The Guardian Legend
A retro review! I loved this game as a child even though I am almost certain that no one else has played or heard of it. You can probably thank the horrid box art for its obscurity (US box vs Japanese box)…but anyway, the story in a nutshell: You are Alyssa guardian of Earth, a robot chick in a bikini who happens to possess the ability to transform into a spaceship. The deathst…err an alien world by the name of Naju is heading straight for Earth and it is up to you to destroy the 10 seals, needed to activate the self-destruct mechanism.
The Guardian Legend is divided into two sections: The labyrinth, a vertical scrolling shoot-em-up and the corridors, an overhead action/adventure type area. As you explore the labyrinth you will come across the corridors. When you enter one, Alyssa transforms into a spaceship and the game goes into shmup mode. Naju itself is divided into five different zones: water, biological, crystal, organic and wasteland. The Guardian Legend is one of the earliest examples of a multi-genre game.
Labyrinth stageThe labyrinth sections are very similar to The Legend in Zelda. It’s an overhead map with a grid based zoning system. The gameplay is exploration based: Every time a corridor bosses is beaten, you receive a key that can be used to unlock various areas on the map. You must search for the next corridor to destroy the next seal.
The corridor sections look and feel very similar to Zanac, which makes sense considering that it was made two years earlier by the same company, Compile. I guess in a sense, The Guardian Legend is its spiritual successor. There are a total of 21 corridors in the game, though only 1 through 10 and 21 are required. The rest are optional for the sake of point/powerup farming and completionism.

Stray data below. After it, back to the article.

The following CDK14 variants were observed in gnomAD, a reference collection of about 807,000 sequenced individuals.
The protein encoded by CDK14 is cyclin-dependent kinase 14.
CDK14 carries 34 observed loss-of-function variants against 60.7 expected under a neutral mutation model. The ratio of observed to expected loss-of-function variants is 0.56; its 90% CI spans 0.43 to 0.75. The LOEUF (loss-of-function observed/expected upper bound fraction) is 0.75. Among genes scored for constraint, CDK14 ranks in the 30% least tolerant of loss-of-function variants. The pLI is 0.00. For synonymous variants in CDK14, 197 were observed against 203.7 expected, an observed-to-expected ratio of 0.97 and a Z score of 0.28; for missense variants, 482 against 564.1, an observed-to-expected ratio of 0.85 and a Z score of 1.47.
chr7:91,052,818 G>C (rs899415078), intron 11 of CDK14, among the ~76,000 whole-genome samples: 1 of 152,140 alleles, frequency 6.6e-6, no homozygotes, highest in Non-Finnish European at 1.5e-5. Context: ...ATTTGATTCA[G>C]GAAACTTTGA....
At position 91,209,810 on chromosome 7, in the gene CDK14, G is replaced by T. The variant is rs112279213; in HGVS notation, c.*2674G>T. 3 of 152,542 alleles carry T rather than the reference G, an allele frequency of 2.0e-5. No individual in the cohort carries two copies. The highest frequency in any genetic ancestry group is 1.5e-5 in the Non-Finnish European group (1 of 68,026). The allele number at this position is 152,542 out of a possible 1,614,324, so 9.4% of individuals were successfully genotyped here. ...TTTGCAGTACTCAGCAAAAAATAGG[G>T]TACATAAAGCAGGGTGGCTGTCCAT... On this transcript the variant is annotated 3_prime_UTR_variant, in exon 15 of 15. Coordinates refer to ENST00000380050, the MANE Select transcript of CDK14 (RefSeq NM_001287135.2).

The graphics are decent. I wouldn’t say that they are as stylish as say, Mario 3 or Battletoads, but the sprites are nice looking, large and well animated (the gunship transformation in particular). Each zone has a distinct look appropriate to its theme. The biological area for example, is filled with fauna in plant life set against a green background, whereas the organic zones have creepy vein/flesh looking things. The corridors are colorful and detailed. The labyrinth areas could have used more detail. there are many rooms that seem to be little more than a couple of walls and a floor.
There are collectible power chips available throughout the game. You can obtain them from defeating enemies, they are also just sort of scattered around. The chips serve several purposes: to use as currency, to upgrade existing weapons, to increase your lifebar, and as ammunition for the powerful secondary weapons. Speaking of which, there are a total of 13 weapons available in the game, 11 of which can be powered up. You have eve
like most NES games The Guardian legend uses a password system to save progress. I know that this gripe isn’t relevant anymore, given that every plays it on an emulator but it was a pain in the ass way back in the day. Geeze, they are the worst passwords. Ever. This is an example that will get you to level 9:
073z !lN4 dLaZ g1qK jfb0 Xpur Y5e7 bD?B
Back on track: It’s a great game. Very interesting concept, plays well, great music, great appearance. If you are into older titles, pick this one up if you can find it somewhere.